Moscow is sending a blunt message to its American counterparts by dispatching a major aircraft carrier battlegroup to conduct operations in Syria, while another Russian spy ship appears to be surveying underwater internet cables in the region.
The Russian aircraft carrier, Admiral Kuznetsov, is currently conducting live-fire exercises with its escort vessels between Scotland and Norway and is expected to remain on-station off the coast of Syria for at least four months. It is leading a fleet of eight Russian ships.
The move comes as Russia and the United States continue to disagree over the fate of the Syrian conflict. It is speculated to be in anticipation of an expansion of the Syrian war. As U.S.-backed Iraqi forces look to liberate ISIS’ last major stronghold within Iraqi territory, many are rightly predicting the focus of the so-called war against ISIS will shift to Syria.
As observed by Kingston University historian and Russian navy observer, Dr. Alex Clarke:
“The war against Daesh will be moving into Syria, more focus will be on there – just as it is, there were will [sic] a large Russian led task force off its Mediterranean coast. This is going to shift the balance of power within the area, even more in favour of Assad; simply because it will complicate the task for other nations wishing to support their own allies within the conflict.”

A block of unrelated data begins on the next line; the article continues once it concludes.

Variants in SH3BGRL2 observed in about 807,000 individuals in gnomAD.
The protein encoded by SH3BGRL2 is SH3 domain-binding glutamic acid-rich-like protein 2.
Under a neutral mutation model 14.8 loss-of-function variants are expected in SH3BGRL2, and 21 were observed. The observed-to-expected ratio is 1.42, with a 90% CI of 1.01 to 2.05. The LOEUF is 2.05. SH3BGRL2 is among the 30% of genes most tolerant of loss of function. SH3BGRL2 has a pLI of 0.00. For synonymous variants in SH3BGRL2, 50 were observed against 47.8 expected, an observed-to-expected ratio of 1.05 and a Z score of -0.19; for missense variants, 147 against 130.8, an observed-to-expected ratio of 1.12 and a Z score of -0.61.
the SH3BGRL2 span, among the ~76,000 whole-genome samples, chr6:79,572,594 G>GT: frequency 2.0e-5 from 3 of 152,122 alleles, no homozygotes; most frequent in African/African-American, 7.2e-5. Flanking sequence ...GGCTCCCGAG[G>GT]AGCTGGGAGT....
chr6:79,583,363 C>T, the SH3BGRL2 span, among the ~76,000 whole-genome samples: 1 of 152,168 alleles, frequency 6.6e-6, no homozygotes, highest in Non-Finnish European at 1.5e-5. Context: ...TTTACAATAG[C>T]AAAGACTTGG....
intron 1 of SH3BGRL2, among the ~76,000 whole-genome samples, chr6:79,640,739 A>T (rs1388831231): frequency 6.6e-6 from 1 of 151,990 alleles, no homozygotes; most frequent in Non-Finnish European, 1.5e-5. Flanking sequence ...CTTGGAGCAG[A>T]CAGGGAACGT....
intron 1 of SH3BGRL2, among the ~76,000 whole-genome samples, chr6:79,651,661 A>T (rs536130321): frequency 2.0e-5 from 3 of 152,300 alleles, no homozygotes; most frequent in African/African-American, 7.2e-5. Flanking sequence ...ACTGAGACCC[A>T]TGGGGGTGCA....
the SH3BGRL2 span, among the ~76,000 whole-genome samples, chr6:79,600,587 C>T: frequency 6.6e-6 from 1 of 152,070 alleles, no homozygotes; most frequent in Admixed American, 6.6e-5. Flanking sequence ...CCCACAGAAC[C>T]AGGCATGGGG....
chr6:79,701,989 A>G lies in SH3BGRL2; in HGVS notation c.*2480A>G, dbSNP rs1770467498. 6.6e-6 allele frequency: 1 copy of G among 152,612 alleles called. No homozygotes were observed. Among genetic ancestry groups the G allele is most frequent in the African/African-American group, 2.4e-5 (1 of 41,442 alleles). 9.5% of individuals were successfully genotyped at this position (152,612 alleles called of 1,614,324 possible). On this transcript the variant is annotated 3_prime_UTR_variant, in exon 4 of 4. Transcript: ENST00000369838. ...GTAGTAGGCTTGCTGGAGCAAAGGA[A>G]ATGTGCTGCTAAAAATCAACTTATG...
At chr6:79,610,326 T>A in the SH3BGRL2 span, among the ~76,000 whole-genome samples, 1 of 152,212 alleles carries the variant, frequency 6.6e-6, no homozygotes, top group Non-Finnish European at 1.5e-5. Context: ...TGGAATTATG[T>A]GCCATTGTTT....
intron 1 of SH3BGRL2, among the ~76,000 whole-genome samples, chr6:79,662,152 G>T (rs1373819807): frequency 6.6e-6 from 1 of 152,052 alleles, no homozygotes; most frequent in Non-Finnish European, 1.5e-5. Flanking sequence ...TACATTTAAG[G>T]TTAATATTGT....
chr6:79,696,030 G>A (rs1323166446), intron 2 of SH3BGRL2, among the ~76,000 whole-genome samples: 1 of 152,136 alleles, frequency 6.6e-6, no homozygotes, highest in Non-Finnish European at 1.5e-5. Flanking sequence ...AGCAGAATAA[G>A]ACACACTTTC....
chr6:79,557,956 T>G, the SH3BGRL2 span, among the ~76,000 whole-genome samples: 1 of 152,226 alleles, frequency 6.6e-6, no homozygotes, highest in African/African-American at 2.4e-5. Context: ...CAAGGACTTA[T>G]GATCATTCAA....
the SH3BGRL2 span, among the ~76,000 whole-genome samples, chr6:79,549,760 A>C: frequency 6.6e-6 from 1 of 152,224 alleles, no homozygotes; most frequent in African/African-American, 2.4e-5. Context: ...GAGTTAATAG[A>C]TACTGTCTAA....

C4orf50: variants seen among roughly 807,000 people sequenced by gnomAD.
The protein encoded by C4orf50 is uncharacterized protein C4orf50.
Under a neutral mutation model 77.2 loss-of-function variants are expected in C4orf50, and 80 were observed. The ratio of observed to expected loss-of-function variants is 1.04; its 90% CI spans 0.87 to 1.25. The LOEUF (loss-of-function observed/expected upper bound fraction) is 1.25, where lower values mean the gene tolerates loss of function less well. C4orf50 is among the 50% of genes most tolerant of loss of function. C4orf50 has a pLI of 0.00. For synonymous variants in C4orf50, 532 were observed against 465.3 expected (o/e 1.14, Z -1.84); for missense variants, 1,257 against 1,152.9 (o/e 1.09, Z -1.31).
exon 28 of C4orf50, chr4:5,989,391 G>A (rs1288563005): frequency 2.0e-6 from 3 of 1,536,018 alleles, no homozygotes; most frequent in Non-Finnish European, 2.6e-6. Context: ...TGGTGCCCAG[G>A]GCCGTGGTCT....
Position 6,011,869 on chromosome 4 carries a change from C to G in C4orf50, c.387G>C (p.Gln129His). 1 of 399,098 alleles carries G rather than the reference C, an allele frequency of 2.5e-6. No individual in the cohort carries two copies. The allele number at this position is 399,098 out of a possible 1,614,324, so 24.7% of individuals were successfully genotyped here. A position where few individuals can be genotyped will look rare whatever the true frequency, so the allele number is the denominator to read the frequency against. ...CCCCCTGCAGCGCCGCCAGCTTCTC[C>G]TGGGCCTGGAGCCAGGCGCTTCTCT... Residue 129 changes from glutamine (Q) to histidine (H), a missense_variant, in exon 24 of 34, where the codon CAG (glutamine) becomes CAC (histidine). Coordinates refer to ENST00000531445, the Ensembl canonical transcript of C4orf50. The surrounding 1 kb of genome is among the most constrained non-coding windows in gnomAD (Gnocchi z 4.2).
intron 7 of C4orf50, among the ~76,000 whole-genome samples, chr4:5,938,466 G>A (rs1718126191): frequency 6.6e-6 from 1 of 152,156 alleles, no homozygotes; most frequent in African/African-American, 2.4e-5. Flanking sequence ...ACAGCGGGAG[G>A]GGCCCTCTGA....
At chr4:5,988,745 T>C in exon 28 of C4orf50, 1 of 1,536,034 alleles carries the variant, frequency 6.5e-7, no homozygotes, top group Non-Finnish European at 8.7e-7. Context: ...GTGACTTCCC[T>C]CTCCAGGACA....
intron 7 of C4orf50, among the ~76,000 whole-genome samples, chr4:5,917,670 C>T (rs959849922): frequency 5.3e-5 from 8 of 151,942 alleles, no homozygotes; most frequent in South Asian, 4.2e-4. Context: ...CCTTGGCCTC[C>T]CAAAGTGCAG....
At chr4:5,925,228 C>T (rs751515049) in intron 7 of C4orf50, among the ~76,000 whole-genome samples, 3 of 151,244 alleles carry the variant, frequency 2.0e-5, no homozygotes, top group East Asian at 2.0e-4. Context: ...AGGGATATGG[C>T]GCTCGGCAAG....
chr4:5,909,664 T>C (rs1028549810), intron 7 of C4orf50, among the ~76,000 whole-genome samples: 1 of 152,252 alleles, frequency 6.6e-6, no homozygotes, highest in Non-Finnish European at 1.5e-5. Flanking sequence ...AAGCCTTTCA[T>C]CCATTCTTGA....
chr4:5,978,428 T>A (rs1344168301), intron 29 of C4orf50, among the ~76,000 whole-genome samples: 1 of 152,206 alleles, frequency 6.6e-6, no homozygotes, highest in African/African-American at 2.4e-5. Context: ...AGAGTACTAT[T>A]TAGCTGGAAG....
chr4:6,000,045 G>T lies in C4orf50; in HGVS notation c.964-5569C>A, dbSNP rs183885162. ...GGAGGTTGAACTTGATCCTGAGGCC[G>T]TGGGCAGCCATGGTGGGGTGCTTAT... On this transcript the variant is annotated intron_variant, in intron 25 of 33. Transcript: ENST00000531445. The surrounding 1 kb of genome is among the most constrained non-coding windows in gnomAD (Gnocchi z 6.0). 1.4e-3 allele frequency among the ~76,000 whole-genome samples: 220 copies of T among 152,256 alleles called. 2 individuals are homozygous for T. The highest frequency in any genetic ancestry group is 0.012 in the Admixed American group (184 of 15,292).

Dr. Clarke also suggested such a move would represent a shift in the balance of world military power, particularly in light of the timing of joint Russian-Chinese exercises being conducted in the disputed South China Sea.
Although it is unclear whether the U.S. will be deterred by Russia’s military posturing in Syria (especially once the country has sworn in an all but certain President Clinton), Russia may have some hidden strategies in deploying these warships to the region. As reported by the New Zealand Herald:
“Author and military analyst H.I. Sutton is one of several observers who have noted the unusual activity of a suspected Russian survey ship, the Yantar, in waters between Cyprus, Syria, Lebanon and Turkey in recent weeks.
“Pentagon officials last year noted a number of Russian submarines and warships had been lingering in parts of the Atlantic Ocean containing arterial undersea fibre-optic cables.
“If these cables were to be cut in such remote locations, it could take weeks – or even months – to repair them.
This could lead to enormous international economic and government disruption, Dr. Alexey Muraviev of Curtin University told news.com.au, as reported by the New Zealand Herald.
It appears the Russians have tricks up their sleeves that may ultimately shift the balance of power within Syria and the wider Middle East region. However, the U.S. and its allies are unlikely to back down from their regime-change agenda plans in Syria anytime soon, and the public should come to be prepared for the worst in this conflict.